• A serious injury to the offender

  • Mental illness

  • Disability

  • A guilty plea

  • Actions committed by the victim increased the likelihood of the accident.

  • Drugs or alcohol consumed unwillingly

  • The victim is a close friend or family member.


Aggravating Factors


Aggravating factors are factors that indicate a higher culpability, blame, and increased sentence. Examples :


  • Previous convicted motoring offences

  • Multiple deaths were caused.

  • Driving without due care and attention or driving irresponsibly

  • Multiple motoring offences were committed.


For more information on how your sentence will be decided in regards to your death by dangerous driving case please visit our dedicated article on the sentencing guidelines Here.


What is the difference between death by dangerous driving and death by careless driving?



The main difference between an offence of death by dangerous driving and careless driving is the ability and severity of driving shown by the motorist. To be classed as dangerous driving, the level of driving must fall far below the expected level of a competent motorist, but in contrast, in careless driving offences, the level of driving is not as severely below the standard expected level for a considerate driver. Common examples of careless driving are:


  • overtaking on the inside;

  • driving too close to another vehicle;

  • driving through a red light by mistake;

  • turning into the path of another vehicle;


For an extensive list, visit


If I plead guilty to death by dangerous driving, will I receive a reduced sentence?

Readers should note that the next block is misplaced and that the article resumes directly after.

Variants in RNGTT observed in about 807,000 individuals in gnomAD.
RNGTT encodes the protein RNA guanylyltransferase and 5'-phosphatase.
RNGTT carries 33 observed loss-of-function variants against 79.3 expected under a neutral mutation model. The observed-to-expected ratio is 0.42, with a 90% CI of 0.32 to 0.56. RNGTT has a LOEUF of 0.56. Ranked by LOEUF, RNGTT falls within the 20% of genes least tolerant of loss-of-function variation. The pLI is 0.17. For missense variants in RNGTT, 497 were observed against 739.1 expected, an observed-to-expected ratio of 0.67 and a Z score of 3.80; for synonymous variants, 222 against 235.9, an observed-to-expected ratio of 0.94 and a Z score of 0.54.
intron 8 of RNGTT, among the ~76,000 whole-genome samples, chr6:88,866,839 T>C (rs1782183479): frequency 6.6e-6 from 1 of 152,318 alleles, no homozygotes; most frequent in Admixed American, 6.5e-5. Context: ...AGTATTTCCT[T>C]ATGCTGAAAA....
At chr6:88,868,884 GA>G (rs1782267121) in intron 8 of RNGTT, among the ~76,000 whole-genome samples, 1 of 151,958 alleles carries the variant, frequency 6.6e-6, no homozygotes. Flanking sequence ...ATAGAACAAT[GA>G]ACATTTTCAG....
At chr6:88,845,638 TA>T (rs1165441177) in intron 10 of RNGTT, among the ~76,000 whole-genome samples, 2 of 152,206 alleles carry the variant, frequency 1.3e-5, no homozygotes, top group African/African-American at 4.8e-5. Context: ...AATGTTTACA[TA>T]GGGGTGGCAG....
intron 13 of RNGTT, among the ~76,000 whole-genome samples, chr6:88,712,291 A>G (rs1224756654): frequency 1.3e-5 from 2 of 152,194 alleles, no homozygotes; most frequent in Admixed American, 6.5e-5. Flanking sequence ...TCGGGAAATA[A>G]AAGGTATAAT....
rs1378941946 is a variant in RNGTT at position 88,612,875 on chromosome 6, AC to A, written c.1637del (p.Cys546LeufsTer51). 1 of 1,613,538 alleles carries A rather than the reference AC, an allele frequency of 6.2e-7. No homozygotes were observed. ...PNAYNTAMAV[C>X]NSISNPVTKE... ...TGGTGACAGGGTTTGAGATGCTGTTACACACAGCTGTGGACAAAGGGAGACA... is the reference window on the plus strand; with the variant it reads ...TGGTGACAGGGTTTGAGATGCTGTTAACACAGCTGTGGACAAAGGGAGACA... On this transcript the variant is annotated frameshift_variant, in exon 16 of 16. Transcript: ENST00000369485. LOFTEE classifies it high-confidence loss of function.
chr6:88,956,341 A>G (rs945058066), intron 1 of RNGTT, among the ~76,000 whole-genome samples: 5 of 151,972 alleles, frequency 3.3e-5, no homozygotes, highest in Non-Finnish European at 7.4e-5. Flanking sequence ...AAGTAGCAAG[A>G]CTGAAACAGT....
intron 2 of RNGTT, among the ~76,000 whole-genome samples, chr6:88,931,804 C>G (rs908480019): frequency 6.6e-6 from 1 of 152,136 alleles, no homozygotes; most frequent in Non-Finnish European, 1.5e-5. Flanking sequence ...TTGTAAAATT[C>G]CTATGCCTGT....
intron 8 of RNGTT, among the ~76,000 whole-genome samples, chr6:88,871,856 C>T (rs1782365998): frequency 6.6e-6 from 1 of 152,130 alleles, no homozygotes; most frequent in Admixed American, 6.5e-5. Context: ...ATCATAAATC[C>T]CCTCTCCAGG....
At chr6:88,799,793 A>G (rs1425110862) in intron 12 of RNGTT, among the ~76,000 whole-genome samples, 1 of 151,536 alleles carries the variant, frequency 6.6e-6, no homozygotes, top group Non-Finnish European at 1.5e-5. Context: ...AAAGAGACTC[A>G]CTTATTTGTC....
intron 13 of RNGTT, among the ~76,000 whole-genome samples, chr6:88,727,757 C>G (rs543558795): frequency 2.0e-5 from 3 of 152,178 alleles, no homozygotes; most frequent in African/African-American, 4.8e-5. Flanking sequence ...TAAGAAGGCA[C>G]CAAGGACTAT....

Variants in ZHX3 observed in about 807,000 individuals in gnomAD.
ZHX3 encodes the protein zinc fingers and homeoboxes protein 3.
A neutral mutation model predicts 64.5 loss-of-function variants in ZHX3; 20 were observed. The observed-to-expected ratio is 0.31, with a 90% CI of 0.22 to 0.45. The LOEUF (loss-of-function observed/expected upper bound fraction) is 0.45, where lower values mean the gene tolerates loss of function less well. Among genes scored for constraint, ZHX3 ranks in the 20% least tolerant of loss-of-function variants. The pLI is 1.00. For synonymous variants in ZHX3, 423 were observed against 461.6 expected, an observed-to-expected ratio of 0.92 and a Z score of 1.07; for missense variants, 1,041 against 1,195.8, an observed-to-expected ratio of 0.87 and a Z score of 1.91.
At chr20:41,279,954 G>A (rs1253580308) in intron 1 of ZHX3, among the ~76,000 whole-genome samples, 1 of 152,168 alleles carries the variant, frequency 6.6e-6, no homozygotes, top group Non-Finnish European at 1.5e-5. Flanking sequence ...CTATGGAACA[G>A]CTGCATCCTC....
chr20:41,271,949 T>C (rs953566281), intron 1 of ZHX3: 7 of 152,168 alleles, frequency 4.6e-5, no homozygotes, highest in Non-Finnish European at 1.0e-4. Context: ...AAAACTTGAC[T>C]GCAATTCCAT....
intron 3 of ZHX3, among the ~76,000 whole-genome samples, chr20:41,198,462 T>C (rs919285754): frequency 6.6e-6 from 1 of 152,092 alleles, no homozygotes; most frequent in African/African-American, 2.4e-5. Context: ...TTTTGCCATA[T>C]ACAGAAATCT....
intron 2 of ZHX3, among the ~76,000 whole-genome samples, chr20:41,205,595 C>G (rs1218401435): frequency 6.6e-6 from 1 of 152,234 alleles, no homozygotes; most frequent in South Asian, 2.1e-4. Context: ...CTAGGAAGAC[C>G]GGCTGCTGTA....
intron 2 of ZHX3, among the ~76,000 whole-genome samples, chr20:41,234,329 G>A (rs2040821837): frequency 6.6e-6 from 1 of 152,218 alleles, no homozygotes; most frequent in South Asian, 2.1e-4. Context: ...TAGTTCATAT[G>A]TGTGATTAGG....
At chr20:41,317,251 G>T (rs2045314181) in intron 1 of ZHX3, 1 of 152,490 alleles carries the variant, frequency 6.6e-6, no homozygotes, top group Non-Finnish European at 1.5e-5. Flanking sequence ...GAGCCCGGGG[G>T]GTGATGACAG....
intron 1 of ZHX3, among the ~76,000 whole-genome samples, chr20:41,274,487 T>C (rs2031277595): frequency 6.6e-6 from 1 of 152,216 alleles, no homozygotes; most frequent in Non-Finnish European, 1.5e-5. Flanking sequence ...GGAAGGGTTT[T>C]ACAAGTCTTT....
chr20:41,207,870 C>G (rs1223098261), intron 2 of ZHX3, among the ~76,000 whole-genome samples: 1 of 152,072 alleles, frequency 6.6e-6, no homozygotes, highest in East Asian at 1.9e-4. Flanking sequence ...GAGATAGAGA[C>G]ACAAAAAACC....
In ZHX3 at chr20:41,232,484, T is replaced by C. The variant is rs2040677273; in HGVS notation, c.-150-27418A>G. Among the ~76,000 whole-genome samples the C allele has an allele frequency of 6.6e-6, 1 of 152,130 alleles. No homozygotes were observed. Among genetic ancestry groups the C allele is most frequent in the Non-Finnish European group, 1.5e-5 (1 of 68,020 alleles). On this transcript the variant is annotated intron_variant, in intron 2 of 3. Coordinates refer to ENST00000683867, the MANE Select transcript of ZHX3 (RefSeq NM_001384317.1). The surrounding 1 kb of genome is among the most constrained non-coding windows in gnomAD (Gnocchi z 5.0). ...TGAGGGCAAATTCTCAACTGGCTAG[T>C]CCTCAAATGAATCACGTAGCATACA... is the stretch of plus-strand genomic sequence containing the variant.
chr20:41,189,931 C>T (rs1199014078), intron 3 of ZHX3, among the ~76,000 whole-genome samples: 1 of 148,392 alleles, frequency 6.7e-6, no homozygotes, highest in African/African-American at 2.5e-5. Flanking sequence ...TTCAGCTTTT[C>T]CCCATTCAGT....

The short answer would be yes, the extent of how much an offender's sentence is reduced would depend on multiple factors, such as how early an offender has plead guilty in a case. If an offender over the age of 18 pleads guilty early on in a case, their sentence can be reduced by up to ⅓ rd. The later the plea is entered by the offender, the less the sentence is reduced.


  • If a plea has been entered before the first magistrate's hearing, this is considered early.

  • If entered 14 days after the initial hearing, the maximum reduction is 20%.


Other penalties you could face for death by dangerous driving



Ancillary orders

Ancillary orders are extra consequences added to an offender's sentence; these typically come in the form of financial compensation to the victim's family. During the investigative period, personal assets could also be seized, such as your vehicle and mobile phone.


Payment of costs of prosecution

More than likely, if convicted of death by dangerous driving, the costs of the investigation will also need to be paid by the offender, including:

  • Medical/Experts reports

  • Costs of the prosecutor

  • Fees for external barristers

  • The entire cost of the investigation


When is death by dangerous driving spent?


What is meant by the term "spent"? When a conviction is spent, it is no longer necessary to declare and is removed from the CRB database.


Sentence Length

Rehabilitation Period

Less than 2.5 years (30 months)

7 years

2.5 years to less than 4 years

10 years

4 years to less than 7 years

14 years

7 years or more

Never spent

How do we help?


At Parnell and Peel, we have dealt with thousands of motoring offences and understand the shock, severity, and damage that a death by dangerous driving conviction can cause to your life. With a long track record of motorists we've helped and unwavering support for our clients, we believe in providing the utmost exemplary legal representation for our clients in their most dire times of need.

For more information on our services or to request an initial free consultation to see where you stand in your case, don't hesitate to call us at 0330 341 1690.